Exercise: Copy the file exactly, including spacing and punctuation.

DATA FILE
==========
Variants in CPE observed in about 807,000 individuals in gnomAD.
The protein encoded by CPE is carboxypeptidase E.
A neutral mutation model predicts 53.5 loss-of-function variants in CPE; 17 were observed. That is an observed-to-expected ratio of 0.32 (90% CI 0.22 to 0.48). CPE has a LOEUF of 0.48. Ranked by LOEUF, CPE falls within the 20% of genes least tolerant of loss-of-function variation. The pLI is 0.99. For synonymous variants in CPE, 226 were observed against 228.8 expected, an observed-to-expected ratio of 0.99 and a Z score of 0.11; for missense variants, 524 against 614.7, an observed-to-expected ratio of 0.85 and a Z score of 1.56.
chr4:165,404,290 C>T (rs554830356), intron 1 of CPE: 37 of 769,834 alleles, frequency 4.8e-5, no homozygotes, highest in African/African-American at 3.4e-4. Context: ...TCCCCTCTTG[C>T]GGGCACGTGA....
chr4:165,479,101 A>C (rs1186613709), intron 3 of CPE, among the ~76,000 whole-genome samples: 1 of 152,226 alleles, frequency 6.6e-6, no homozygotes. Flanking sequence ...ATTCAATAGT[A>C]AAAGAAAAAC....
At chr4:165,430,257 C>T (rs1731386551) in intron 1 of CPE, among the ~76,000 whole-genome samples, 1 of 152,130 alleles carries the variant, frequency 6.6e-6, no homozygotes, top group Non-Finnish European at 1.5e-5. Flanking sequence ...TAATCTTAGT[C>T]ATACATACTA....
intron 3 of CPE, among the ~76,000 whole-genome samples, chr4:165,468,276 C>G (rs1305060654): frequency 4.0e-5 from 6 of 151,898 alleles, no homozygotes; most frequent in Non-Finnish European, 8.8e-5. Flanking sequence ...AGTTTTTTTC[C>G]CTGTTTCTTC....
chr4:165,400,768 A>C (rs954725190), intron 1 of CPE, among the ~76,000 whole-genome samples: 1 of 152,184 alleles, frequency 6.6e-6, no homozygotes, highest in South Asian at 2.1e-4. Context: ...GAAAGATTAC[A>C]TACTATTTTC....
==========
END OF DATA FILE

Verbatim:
Variants in CPE observed in about 807,000 individuals in gnomAD.
The protein encoded by CPE is carboxypeptidase E.
A neutral mutation model predicts 53.5 loss-of-function variants in CPE; 17 were observed. That is an observed-to-expected ratio of 0.32 (90% CI 0.22 to 0.48). CPE has a LOEUF of 0.48. Ranked by LOEUF, CPE falls within the 20% of genes least tolerant of loss-of-function variation. The pLI is 0.99. For synonymous variants in CPE, 226 were observed against 228.8 expected, an observed-to-expected ratio of 0.99 and a Z score of 0.11; for missense variants, 524 against 614.7, an observed-to-expected ratio of 0.85 and a Z score of 1.56.
chr4:165,404,290 C>T (rs554830356), intron 1 of CPE: 37 of 769,834 alleles, frequency 4.8e-5, no homozygotes, highest in African/African-American at 3.4e-4. Context: ...TCCCCTCTTG[C>T]GGGCACGTGA....
chr4:165,479,101 A>C (rs1186613709), intron 3 of CPE, among the ~76,000 whole-genome samples: 1 of 152,226 alleles, frequency 6.6e-6, no homozygotes. Flanking sequence ...ATTCAATAGT[A>C]AAAGAAAAAC....
At chr4:165,430,257 C>T (rs1731386551) in intron 1 of CPE, among the ~76,000 whole-genome samples, 1 of 152,130 alleles carries the variant, frequency 6.6e-6, no homozygotes, top group Non-Finnish European at 1.5e-5. Flanking sequence ...TAATCTTAGT[C>T]ATACATACTA....
intron 3 of CPE, among the ~76,000 whole-genome samples, chr4:165,468,276 C>G (rs1305060654): frequency 4.0e-5 from 6 of 151,898 alleles, no homozygotes; most frequent in Non-Finnish European, 8.8e-5. Flanking sequence ...AGTTTTTTTC[C>G]CTGTTTCTTC....
chr4:165,400,768 A>C (rs954725190), intron 1 of CPE, among the ~76,000 whole-genome samples: 1 of 152,184 alleles, frequency 6.6e-6, no homozygotes, highest in South Asian at 2.1e-4. Context: ...GAAAGATTAC[A>C]TACTATTTTC....